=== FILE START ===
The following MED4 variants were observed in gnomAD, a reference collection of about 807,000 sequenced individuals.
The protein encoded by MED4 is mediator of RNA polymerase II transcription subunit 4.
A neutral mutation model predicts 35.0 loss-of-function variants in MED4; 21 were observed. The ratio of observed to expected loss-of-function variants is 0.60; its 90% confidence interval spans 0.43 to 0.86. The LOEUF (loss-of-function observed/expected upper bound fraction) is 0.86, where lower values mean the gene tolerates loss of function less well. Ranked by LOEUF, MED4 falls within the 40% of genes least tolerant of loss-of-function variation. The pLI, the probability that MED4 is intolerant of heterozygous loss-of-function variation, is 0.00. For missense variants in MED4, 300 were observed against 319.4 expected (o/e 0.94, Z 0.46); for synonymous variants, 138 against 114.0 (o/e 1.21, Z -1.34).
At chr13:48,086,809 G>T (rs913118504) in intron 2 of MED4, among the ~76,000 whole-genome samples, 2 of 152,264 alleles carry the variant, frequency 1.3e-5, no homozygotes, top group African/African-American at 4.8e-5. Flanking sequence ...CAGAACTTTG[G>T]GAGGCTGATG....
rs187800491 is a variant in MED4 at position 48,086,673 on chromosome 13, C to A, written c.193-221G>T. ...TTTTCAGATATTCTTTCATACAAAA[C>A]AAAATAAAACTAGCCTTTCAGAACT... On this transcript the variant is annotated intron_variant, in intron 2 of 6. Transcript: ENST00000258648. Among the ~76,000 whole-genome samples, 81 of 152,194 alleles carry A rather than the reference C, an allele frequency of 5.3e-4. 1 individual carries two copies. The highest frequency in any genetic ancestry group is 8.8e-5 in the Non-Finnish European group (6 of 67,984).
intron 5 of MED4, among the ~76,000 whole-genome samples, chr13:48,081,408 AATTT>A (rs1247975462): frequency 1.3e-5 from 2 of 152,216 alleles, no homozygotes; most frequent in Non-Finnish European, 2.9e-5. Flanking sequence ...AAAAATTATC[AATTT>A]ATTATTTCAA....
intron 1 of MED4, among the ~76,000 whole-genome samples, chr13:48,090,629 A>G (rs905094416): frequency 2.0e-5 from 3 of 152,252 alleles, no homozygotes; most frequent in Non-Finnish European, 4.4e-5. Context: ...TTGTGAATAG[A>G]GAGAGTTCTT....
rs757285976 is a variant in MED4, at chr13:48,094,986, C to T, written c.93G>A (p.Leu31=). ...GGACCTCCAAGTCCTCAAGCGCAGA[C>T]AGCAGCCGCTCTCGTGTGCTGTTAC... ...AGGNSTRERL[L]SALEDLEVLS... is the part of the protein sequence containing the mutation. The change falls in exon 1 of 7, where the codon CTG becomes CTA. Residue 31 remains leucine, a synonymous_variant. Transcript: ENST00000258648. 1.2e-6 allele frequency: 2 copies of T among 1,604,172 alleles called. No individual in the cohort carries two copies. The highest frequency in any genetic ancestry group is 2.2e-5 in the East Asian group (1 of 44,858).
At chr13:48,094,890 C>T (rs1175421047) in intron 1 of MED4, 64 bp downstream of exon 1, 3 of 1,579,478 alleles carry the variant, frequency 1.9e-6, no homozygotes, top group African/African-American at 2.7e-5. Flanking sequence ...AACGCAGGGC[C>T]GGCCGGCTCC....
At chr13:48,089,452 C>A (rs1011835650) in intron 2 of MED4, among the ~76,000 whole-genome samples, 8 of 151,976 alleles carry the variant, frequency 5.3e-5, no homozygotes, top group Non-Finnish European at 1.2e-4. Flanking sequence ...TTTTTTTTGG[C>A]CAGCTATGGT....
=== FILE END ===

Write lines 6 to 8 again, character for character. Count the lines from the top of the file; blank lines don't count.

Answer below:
intron 5 of MED4, among the ~76,000 whole-genome samples, chr13:48,081,408 AATTT>A (rs1247975462): frequency 1.3e-5 from 2 of 152,216 alleles, no homozygotes; most frequent in Non-Finnish European, 2.9e-5. Flanking sequence ...AAAAATTATC[AATTT>A]ATTATTTCAA....
intron 1 of MED4, among the ~76,000 whole-genome samples, chr13:48,090,629 A>G (rs905094416): frequency 2.0e-5 from 3 of 152,252 alleles, no homozygotes; most frequent in Non-Finnish European, 4.4e-5. Context: ...TTGTGAATAG[A>G]GAGAGTTCTT....
rs757285976 is a variant in MED4, at chr13:48,094,986, C to T, written c.93G>A (p.Leu31=). ...GGACCTCCAAGTCCTCAAGCGCAGA[C>T]AGCAGCCGCTCTCGTGTGCTGTTAC... ...AGGNSTRERL[L]SALEDLEVLS... is the part of the protein sequence containing the mutation. The change falls in exon 1 of 7, where the codon CTG becomes CTA. Residue 31 remains leucine, a synonymous_variant. Transcript: ENST00000258648. 1.2e-6 allele frequency: 2 copies of T among 1,604,172 alleles called. No individual in the cohort carries two copies. The highest frequency in any genetic ancestry group is 2.2e-5 in the East Asian group (1 of 44,858).